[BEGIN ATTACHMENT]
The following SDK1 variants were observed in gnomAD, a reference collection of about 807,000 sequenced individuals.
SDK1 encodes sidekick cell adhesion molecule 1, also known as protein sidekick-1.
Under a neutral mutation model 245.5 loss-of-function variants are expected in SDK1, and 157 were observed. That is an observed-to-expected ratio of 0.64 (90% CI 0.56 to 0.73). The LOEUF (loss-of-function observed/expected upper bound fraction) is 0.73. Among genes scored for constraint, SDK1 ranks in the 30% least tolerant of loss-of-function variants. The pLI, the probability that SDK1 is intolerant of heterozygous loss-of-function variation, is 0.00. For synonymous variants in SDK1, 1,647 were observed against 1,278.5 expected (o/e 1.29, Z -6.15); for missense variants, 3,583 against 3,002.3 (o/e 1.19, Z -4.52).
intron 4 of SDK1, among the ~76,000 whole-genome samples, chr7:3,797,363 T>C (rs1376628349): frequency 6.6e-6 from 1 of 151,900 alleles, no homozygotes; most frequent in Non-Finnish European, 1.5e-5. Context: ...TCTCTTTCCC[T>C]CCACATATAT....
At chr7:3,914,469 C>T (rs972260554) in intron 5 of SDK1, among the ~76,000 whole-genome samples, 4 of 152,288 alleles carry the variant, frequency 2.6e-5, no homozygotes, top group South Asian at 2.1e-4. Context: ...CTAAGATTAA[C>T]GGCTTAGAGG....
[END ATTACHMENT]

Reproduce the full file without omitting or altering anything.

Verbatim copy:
The following SDK1 variants were observed in gnomAD, a reference collection of about 807,000 sequenced individuals.
SDK1 encodes sidekick cell adhesion molecule 1, also known as protein sidekick-1.
Under a neutral mutation model 245.5 loss-of-function variants are expected in SDK1, and 157 were observed. That is an observed-to-expected ratio of 0.64 (90% CI 0.56 to 0.73). The LOEUF (loss-of-function observed/expected upper bound fraction) is 0.73. Among genes scored for constraint, SDK1 ranks in the 30% least tolerant of loss-of-function variants. The pLI, the probability that SDK1 is intolerant of heterozygous loss-of-function variation, is 0.00. For synonymous variants in SDK1, 1,647 were observed against 1,278.5 expected (o/e 1.29, Z -6.15); for missense variants, 3,583 against 3,002.3 (o/e 1.19, Z -4.52).
intron 4 of SDK1, among the ~76,000 whole-genome samples, chr7:3,797,363 T>C (rs1376628349): frequency 6.6e-6 from 1 of 151,900 alleles, no homozygotes; most frequent in Non-Finnish European, 1.5e-5. Context: ...TCTCTTTCCC[T>C]CCACATATAT....
At chr7:3,914,469 C>T (rs972260554) in intron 5 of SDK1, among the ~76,000 whole-genome samples, 4 of 152,288 alleles carry the variant, frequency 2.6e-5, no homozygotes, top group South Asian at 2.1e-4. Context: ...CTAAGATTAA[C>T]GGCTTAGAGG....